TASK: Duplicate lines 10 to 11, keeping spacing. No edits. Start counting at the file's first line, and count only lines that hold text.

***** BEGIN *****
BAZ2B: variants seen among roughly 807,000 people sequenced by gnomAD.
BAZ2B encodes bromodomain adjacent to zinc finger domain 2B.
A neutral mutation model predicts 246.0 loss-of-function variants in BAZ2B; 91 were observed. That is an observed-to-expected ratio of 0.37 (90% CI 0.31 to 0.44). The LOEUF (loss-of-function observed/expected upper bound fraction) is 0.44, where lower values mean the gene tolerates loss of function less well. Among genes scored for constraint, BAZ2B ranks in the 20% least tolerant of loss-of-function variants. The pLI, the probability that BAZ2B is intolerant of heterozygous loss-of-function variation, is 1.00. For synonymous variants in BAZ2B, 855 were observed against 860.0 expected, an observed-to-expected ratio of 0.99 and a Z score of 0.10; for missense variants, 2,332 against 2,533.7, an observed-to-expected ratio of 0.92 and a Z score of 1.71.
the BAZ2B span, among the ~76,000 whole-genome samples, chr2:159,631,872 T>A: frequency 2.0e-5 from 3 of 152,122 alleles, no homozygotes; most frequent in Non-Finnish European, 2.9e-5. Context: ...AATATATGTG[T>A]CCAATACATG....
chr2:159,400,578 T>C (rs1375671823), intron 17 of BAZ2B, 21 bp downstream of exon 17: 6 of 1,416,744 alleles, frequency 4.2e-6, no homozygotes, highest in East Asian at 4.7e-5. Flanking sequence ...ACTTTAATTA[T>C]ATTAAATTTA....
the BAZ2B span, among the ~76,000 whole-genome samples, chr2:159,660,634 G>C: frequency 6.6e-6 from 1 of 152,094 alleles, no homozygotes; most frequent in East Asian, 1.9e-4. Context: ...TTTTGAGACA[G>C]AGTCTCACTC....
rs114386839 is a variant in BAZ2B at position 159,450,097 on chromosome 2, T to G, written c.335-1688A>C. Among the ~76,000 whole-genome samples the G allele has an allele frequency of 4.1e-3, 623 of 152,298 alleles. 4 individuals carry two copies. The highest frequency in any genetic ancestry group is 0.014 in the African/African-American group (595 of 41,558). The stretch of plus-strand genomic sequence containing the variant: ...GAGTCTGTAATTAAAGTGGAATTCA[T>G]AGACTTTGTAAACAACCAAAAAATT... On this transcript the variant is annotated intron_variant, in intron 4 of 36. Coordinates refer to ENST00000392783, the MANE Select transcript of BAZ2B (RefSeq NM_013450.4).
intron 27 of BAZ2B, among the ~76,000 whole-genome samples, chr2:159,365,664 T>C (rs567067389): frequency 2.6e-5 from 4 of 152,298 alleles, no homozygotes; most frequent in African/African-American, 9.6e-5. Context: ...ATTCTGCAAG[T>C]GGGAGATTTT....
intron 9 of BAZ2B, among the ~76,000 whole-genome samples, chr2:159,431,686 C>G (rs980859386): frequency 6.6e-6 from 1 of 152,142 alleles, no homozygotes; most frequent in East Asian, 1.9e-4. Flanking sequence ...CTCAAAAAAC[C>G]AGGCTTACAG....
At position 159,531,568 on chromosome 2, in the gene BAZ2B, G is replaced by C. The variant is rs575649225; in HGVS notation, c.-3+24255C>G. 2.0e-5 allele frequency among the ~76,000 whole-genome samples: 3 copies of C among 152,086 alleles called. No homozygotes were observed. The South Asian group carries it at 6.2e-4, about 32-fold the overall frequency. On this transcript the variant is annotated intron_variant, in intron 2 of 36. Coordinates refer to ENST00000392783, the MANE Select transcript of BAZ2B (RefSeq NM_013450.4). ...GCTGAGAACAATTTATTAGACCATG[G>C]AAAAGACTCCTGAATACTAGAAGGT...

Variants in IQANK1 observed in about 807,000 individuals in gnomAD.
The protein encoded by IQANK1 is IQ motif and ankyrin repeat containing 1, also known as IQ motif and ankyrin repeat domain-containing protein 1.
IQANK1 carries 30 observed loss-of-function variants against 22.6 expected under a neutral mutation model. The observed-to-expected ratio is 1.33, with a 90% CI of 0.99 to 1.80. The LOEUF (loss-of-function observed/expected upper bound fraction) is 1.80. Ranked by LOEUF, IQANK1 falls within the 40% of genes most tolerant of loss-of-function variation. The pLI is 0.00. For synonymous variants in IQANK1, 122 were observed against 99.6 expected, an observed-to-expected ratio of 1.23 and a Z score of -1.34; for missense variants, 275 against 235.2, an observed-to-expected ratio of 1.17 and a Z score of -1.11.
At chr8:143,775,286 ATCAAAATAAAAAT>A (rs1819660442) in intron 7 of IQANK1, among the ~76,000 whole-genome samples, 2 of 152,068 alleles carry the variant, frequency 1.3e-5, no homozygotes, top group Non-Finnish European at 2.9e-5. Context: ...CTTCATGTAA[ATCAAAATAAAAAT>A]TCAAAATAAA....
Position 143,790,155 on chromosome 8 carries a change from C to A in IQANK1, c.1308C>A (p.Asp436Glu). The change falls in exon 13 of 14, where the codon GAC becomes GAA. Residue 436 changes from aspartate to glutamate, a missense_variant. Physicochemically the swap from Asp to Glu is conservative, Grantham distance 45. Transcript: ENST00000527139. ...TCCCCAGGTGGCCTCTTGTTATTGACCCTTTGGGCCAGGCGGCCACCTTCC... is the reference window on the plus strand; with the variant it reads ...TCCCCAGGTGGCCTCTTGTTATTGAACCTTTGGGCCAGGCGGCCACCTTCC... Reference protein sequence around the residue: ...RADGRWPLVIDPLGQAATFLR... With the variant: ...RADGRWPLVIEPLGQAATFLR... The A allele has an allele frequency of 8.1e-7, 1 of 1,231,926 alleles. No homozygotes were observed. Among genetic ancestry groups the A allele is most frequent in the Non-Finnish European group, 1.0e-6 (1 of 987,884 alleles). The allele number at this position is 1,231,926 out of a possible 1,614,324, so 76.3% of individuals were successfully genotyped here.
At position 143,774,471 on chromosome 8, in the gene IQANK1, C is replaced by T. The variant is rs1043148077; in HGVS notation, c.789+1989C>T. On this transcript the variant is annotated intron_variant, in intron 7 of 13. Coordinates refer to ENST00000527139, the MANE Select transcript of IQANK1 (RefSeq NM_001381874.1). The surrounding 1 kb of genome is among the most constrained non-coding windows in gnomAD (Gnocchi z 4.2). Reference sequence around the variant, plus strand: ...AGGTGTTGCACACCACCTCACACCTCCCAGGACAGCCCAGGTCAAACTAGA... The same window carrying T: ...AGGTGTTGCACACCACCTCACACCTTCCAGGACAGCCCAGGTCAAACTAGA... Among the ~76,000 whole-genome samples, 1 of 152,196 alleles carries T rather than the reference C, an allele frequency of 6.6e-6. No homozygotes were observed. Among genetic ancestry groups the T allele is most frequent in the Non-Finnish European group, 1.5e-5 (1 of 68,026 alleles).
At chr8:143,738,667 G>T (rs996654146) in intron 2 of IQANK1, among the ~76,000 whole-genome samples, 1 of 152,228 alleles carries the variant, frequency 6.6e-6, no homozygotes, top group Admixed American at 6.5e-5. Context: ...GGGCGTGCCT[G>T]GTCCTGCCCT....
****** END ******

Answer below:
At position 159,531,568 on chromosome 2, in the gene BAZ2B, G is replaced by C. The variant is rs575649225; in HGVS notation, c.-3+24255C>G. 2.0e-5 allele frequency among the ~76,000 whole-genome samples: 3 copies of C among 152,086 alleles called. No homozygotes were observed. The South Asian group carries it at 6.2e-4, about 32-fold the overall frequency. On this transcript the variant is annotated intron_variant, in intron 2 of 36. Coordinates refer to ENST00000392783, the MANE Select transcript of BAZ2B (RefSeq NM_013450.4). ...GCTGAGAACAATTTATTAGACCATG[G>C]AAAAGACTCCTGAATACTAGAAGGT...

Variants in IQANK1 observed in about 807,000 individuals in gnomAD.